It was a September day a lot like today, sunny and warm. About 11:30 an editor came up to me and said there was something going on with the FBI at the Petters corporate headquarters and could I check into it. Meanwhile reporters were dispatched to the scene. Soon, phone calls started coming in from employees and friends of employees who described a large number of federal agents descending on the headquarters, gathering employees into the cafeteria, telling them to turn off their cell phones and then dismissing them for the day. But we still had no clue what was behind the raid. Colleague Jenna Ross went to Petters home in Wayzata where she encountered an FBI agent who told her "this is a search warrant situation" and said no more. By the end of the day, all we knew was that the government was interested in "one financial entitiy" in which Tom Petters had an interest. Business associates were likewise unsure of what was going on.
Two days later federal authorities filed an affidavit with the search warrant outlining the reason for the raid and it was eye popping. According to the government Petters and associates were involved in a multi-billion fraud scheme involving the purported sale of retail goods that did not exist.
So he was arrested on the first day, but it wasn't clear for a couple of days why, is that right?
Petters was arrested on Oct. 3 and a week later was ordered to be detained without bail as a flight risk. Petters's family denied he had any intention of leaving the country to no avail. The scope of the Ponzi scheme was beginning to take shape.
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This case kept unfolding through 2008 and 2009 and eventually involved about a dozen defendants and a Ponzi scheme that bilked more than $3 billion from investors. What are some of the repercussions that are still echoing today?
Gathering compensation for victims has been a tedious process. Court-appointed receivers have sold various assests of the parties in the case, including luxury vehicle, expensive homes and art collections, but the amount is still a fraction of what was lost in the overall scheme. In the corproate bankruptcy of the Petters business operations, attempts to "clawback" so-called false profits from investors is still years from being complete.
No, but there is an address on the webpage of the U.S. Attorney's office for Minnesota where victims can file a claim.
The identity of Larry Raynolds was actually first uncovered by the Petters defense team and then investigated by a team of Star Tribune reporters who determined he had a criminal record under another name and had been placed in the government's witness protection program after helping authorities in several East Coast crminal prosecutions.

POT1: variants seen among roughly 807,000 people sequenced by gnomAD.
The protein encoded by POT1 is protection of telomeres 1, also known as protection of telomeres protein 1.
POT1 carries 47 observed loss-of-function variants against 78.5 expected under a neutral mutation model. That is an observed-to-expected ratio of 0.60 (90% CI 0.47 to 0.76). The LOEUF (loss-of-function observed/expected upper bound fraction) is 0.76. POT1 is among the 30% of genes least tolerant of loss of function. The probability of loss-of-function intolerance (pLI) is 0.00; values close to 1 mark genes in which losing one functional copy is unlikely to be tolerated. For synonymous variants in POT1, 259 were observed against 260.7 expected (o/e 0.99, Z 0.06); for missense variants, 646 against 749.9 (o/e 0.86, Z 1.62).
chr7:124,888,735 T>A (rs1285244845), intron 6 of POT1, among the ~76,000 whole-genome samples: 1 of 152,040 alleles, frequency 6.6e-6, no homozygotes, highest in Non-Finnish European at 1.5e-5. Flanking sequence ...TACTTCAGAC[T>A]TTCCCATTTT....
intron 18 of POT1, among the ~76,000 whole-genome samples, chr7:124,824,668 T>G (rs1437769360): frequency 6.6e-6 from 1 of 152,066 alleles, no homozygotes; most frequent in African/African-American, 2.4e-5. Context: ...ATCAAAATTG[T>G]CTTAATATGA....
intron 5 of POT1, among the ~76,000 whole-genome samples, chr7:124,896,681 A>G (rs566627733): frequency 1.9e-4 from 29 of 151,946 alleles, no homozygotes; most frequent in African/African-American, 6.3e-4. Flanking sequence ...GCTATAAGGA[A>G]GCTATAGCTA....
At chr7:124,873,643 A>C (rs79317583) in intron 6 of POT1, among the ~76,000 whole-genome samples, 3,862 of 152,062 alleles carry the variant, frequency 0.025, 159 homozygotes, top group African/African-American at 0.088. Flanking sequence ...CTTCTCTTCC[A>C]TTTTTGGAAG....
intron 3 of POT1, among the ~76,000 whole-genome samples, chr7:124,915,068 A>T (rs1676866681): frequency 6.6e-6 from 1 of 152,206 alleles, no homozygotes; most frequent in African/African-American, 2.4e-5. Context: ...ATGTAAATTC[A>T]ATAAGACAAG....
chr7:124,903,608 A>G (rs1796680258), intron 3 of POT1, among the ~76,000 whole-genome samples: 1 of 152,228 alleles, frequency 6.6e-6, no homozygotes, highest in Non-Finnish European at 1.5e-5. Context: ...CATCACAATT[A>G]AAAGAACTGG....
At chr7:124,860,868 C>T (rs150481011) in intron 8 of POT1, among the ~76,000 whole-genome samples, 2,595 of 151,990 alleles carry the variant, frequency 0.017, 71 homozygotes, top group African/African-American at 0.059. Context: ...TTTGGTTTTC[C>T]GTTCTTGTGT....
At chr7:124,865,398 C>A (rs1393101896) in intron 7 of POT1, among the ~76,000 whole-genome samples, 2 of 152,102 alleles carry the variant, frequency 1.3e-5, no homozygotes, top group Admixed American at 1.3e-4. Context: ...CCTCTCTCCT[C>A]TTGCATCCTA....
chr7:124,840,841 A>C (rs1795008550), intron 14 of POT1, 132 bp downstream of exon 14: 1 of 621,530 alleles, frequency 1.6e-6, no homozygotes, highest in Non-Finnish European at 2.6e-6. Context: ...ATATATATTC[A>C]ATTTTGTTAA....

Some people may need a quick refresher of the state of Petters' businesses at the time of the fraud. In 2008, he was most active in developing a consumer electronics business around the Polaroid brand, which he had acquired. What else did he have going?
He had invested in Fingerhut, the St. Cloud-based catalogue company and owned Sun Country Airlines, which was heavily losing money at the time. Polaroid was going to be his home run investment but the scheme collapsed before that could happen. Indeed, most of the money used to fund these investments came from individuals who thought they were investing in something else.
That's an interesting thought. A lot of the plot lines in this story were Hollywood worthy!
You may be starting a whole new discussion about who could play Tom Petters in a movie!
Before we wrap up, describe what's coming up next and when. Is it the appeals hearing itself or are there some other events?
There are about five sentences yet to be handed down for others in the scheme, mainly those on the investment side who provided Petters with financial resources, wittingly or unwittingly. Also, Petters himself will have a hearing in the middle of October regarding a 30-year plea offer that he says was never clearly outlined to him. Petters is expected to testify at that hearing, as are member of his defense team who dispute his version of the plea offer.
Thanks David and thanks to everyone who participated this afternoon. And if you're in listening range, David will be on WCCO Radio (AM 830) in about 30 minutes to discuss the Petters saga further.